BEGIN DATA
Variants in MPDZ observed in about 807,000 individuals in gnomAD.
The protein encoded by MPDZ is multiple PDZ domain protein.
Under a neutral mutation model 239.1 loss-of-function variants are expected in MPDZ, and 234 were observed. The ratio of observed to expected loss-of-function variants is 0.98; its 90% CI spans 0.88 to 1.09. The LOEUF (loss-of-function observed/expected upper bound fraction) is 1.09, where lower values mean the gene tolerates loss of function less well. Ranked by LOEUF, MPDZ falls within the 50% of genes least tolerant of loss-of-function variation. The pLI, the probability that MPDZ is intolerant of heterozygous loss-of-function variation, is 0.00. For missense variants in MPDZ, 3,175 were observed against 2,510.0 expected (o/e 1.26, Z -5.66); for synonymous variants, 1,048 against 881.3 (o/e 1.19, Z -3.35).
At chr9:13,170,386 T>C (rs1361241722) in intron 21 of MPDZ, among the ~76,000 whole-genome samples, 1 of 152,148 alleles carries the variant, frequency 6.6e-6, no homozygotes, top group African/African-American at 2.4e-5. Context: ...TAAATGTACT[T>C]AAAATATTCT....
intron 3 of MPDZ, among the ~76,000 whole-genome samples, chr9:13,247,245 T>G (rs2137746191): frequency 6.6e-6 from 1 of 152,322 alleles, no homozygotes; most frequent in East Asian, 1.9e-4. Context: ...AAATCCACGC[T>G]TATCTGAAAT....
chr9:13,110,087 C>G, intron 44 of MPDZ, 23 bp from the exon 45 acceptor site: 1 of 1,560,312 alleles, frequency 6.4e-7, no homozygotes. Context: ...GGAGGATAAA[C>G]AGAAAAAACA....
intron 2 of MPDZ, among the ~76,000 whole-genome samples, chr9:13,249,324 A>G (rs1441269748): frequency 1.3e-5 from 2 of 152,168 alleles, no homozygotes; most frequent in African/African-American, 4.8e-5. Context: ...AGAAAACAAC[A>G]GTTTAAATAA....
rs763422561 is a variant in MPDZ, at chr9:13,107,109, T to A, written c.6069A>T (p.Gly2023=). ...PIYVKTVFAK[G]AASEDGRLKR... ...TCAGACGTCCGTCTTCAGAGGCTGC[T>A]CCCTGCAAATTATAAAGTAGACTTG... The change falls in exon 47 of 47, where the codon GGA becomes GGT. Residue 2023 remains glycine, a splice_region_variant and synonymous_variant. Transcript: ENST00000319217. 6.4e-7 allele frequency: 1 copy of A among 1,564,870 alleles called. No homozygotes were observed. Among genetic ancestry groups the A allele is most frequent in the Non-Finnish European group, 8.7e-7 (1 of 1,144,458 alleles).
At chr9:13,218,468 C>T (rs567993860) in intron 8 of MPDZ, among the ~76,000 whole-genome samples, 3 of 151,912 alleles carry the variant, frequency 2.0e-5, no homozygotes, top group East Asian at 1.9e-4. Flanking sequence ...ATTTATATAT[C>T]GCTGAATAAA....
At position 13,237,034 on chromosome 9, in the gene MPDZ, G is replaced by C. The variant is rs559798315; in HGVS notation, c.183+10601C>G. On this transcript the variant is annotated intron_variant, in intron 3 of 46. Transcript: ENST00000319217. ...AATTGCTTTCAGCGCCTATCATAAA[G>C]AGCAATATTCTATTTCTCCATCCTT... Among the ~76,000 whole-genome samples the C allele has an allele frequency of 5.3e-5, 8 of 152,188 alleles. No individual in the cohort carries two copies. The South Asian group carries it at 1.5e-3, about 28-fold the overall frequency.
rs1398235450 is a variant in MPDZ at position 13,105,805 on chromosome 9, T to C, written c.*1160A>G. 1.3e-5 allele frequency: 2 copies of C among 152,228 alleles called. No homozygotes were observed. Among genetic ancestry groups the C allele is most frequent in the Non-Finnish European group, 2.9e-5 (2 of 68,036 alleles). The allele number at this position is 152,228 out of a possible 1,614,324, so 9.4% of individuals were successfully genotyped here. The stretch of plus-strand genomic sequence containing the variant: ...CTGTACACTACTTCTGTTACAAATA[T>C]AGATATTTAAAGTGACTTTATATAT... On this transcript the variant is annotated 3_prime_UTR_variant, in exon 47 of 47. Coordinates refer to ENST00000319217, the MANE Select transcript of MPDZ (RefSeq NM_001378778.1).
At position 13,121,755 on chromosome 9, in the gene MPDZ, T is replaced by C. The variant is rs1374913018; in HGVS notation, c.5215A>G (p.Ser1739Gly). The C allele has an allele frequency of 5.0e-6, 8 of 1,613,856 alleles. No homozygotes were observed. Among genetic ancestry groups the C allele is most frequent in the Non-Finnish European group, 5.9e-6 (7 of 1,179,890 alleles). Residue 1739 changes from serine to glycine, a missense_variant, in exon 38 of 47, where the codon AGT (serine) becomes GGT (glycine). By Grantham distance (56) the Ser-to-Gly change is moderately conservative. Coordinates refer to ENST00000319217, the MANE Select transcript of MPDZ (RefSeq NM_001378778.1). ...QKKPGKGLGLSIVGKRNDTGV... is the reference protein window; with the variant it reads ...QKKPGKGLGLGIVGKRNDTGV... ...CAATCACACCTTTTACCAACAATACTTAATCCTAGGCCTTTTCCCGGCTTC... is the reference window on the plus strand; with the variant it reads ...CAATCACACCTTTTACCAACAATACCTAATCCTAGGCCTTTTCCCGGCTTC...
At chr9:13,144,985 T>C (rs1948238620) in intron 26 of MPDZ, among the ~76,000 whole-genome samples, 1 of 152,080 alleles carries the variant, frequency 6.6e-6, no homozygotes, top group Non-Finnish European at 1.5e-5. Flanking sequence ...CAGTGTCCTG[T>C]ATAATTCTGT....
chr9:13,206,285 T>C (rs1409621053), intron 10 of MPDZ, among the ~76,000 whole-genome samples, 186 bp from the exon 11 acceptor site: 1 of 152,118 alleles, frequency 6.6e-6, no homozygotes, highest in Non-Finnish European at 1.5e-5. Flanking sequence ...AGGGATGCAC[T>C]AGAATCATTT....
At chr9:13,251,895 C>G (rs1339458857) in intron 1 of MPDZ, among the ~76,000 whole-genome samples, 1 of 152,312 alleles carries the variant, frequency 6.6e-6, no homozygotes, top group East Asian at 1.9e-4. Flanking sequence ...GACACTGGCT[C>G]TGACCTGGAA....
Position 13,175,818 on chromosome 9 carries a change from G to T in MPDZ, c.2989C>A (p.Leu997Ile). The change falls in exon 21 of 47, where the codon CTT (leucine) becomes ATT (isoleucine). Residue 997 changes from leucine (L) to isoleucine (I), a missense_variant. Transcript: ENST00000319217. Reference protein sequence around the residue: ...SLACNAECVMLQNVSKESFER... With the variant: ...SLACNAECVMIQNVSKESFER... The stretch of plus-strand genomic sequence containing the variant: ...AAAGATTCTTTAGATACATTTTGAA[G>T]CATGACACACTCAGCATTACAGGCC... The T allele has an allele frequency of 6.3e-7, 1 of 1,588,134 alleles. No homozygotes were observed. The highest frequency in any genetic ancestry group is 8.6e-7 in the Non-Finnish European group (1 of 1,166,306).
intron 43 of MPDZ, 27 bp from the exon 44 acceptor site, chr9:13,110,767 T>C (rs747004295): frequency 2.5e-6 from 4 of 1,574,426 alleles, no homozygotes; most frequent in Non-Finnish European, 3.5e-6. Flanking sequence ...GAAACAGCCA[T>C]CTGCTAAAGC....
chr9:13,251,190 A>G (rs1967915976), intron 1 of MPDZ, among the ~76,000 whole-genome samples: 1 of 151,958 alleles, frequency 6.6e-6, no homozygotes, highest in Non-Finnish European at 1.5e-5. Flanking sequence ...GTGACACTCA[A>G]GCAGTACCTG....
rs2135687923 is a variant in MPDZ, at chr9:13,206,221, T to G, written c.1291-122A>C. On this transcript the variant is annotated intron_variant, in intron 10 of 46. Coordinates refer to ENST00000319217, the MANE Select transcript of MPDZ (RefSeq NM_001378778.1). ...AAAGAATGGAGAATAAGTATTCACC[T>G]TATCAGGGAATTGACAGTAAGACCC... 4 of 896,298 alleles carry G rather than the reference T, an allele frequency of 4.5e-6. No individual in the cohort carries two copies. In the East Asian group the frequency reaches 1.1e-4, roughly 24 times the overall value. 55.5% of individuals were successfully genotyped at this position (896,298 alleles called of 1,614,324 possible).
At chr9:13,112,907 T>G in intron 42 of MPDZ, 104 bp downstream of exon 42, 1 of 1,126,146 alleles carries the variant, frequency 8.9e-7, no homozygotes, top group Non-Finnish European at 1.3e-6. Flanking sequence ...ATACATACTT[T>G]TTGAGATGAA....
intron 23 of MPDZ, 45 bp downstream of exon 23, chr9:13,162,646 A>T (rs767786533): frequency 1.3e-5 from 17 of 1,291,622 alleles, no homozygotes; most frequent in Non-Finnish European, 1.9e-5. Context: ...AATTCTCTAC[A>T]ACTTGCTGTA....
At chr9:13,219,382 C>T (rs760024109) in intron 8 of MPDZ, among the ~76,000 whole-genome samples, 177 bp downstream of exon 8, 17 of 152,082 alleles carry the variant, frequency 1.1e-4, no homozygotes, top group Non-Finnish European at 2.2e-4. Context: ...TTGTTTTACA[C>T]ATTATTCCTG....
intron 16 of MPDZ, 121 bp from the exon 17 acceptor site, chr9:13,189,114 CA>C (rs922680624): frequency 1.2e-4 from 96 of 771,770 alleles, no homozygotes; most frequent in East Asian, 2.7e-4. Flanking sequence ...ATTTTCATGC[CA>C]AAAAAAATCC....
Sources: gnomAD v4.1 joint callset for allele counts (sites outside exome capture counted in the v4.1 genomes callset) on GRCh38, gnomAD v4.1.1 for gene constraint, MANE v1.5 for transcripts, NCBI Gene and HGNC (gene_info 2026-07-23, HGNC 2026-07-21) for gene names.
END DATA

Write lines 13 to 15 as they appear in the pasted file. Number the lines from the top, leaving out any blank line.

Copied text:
At chr9:13,144,985 T>C (rs1948238620) in intron 26 of MPDZ, among the ~76,000 whole-genome samples, 1 of 152,080 alleles carries the variant, frequency 6.6e-6, no homozygotes, top group Non-Finnish European at 1.5e-5. Flanking sequence ...CAGTGTCCTG[T>C]ATAATTCTGT....
chr9:13,206,285 T>C (rs1409621053), intron 10 of MPDZ, among the ~76,000 whole-genome samples, 186 bp from the exon 11 acceptor site: 1 of 152,118 alleles, frequency 6.6e-6, no homozygotes, highest in Non-Finnish European at 1.5e-5. Flanking sequence ...AGGGATGCAC[T>C]AGAATCATTT....
At chr9:13,251,895 C>G (rs1339458857) in intron 1 of MPDZ, among the ~76,000 whole-genome samples, 1 of 152,312 alleles carries the variant, frequency 6.6e-6, no homozygotes, top group East Asian at 1.9e-4. Flanking sequence ...GACACTGGCT[C>G]TGACCTGGAA....